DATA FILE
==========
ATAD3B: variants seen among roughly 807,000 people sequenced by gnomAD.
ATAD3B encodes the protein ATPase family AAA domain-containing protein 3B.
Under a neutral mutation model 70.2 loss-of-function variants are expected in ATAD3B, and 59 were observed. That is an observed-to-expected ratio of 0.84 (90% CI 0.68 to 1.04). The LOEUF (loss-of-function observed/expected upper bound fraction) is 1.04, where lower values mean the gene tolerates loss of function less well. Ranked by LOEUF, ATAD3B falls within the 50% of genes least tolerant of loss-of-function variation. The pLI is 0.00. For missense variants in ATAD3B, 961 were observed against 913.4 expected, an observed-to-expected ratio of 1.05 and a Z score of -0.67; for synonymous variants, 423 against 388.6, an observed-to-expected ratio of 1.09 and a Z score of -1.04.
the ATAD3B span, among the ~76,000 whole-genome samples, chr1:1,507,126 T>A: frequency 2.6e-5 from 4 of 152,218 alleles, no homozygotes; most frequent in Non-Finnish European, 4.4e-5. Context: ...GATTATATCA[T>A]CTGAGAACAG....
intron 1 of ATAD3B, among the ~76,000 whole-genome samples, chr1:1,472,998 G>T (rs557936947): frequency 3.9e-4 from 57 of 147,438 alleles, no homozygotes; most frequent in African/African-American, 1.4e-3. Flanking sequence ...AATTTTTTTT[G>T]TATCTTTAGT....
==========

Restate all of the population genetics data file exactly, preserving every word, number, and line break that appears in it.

ATAD3B: variants seen among roughly 807,000 people sequenced by gnomAD.
ATAD3B encodes the protein ATPase family AAA domain-containing protein 3B.
Under a neutral mutation model 70.2 loss-of-function variants are expected in ATAD3B, and 59 were observed. That is an observed-to-expected ratio of 0.84 (90% CI 0.68 to 1.04). The LOEUF (loss-of-function observed/expected upper bound fraction) is 1.04, where lower values mean the gene tolerates loss of function less well. Ranked by LOEUF, ATAD3B falls within the 50% of genes least tolerant of loss-of-function variation. The pLI is 0.00. For missense variants in ATAD3B, 961 were observed against 913.4 expected, an observed-to-expected ratio of 1.05 and a Z score of -0.67; for synonymous variants, 423 against 388.6, an observed-to-expected ratio of 1.09 and a Z score of -1.04.
the ATAD3B span, among the ~76,000 whole-genome samples, chr1:1,507,126 T>A: frequency 2.6e-5 from 4 of 152,218 alleles, no homozygotes; most frequent in Non-Finnish European, 4.4e-5. Context: ...GATTATATCA[T>A]CTGAGAACAG....
intron 1 of ATAD3B, among the ~76,000 whole-genome samples, chr1:1,472,998 G>T (rs557936947): frequency 3.9e-4 from 57 of 147,438 alleles, no homozygotes; most frequent in African/African-American, 1.4e-3. Flanking sequence ...AATTTTTTTT[G>T]TATCTTTAGT....